One morning during harvest season, Chief Kintuz and his team conduct a poppy eradication in the Argo district of Badakhshan, just two days after nine members of his counter-narcotics force were killed by a roadside bomb in Darayem. At dawn the convoy sets out from the provincial capital of Feyzabad—driving past clusters of newish houses built in the days before eradication brought such construction to a halt. Thanks to Chief Kintuz's efforts, this undulating countryside no longer features endless vistas of poppies.
The nine-mile road to Argo is a splintered mess—deterioration has left it worse now than it had been before a U.S. subcontractor was paid $2.5 million to resurface it. Rolling through the district center, past dozens of shuttered shops where opium was once sold openly, the convoy is greeted with hard stares from the villagers. A few miles beyond Argo, near the village of Barlas, the 30 or so armed counter-narcotics officers dismount their vehicles. The men set out on foot into the hills, searching for sequestered poppies.
The fields are everywhere: dozens upon dozens of crazy-colored tracts, none larger than an acre. The officers descend on them with bamboo canes and swing away at the flowers, reaper-like. The chief bashes away as well. A surveyor from the United Nations Office on Drugs and Crime (UNODC) faithfully records each obliterated site on his clipboard. A young farmer watches the havoc while crouching in his field. "That land belongs to my neighbor Israyel," he says. "I think he knew they were coming and didn't want to be around to see it. The police warned us last year not to plant poppy. So I've switched to melon. But all of this is rain-fed land, so if there's a drought, I've got a real problem."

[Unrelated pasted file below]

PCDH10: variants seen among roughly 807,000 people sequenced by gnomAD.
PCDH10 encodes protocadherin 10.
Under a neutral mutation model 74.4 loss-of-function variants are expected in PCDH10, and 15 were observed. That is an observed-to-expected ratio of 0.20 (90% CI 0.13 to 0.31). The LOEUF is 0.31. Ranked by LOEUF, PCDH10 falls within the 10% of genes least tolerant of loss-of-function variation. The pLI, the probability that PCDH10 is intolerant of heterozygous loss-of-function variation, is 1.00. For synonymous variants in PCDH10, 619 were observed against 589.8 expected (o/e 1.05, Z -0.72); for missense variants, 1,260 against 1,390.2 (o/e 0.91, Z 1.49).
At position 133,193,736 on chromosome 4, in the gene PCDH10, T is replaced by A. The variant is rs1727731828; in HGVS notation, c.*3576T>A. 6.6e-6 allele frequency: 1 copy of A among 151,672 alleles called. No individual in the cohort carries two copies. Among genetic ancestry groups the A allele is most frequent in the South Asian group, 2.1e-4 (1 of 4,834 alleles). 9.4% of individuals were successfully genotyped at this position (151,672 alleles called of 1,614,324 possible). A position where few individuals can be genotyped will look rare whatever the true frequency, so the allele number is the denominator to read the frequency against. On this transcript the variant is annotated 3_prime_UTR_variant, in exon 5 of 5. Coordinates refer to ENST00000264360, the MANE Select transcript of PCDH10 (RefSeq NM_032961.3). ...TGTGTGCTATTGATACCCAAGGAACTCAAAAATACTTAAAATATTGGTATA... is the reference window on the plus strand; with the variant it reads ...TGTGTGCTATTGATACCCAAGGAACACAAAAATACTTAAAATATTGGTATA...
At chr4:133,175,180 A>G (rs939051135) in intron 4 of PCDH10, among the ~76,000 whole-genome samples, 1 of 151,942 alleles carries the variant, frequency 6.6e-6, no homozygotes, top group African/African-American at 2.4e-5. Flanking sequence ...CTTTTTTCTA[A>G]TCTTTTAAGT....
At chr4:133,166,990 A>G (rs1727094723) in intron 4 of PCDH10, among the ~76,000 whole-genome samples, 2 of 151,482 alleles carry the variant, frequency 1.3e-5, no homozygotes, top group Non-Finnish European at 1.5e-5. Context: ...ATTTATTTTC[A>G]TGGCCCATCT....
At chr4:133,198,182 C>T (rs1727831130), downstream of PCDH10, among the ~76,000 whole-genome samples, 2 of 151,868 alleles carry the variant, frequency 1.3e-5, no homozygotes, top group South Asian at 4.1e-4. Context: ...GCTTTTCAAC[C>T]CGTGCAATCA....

I ask if he or his neighbors have received any of the millions of dollars being poured into Badakhshan Province by the U.S. Agency for International Development (USAID) and other Western organizations in an attempt to lure Afghan farmers away from poppies. "They promised the Argo district's governor that they'd give us bags of wheat seed and fertilizer," he replies. "But they haven't." The remark is similar to one by an elder of the nearby Tashkan district: "The government said, 'We'll build roads, bridges, and canals, and you'll forget poppies forever.' That was five years ago. They've done nothing."
In fairness, several things have been done—a newly paved highway from Feyzabad to Kabul, road construction projects in Tashkan, a saffron farm in Baharak, and 18 new district police offices. But for every worthy project scattered throughout this vast northern province is a village like Sar Ab in Yamgan district, where the lack of a medical clinic led residents to use opium as their only medicine until half of the 1,800 villagers became addicts. Or the village of Du Ghalat, in Argo, where a hundred children huddle like cattle on the dirt floor of a collapsing schoolhouse built with opium money that has dried up as poppy eradication proceeds. Or the millions of U.S. taxpayer dollars earmarked to fund agricultural projects in Badakhshan, which, according to one counter-narcotics official, "never got here—it disappeared."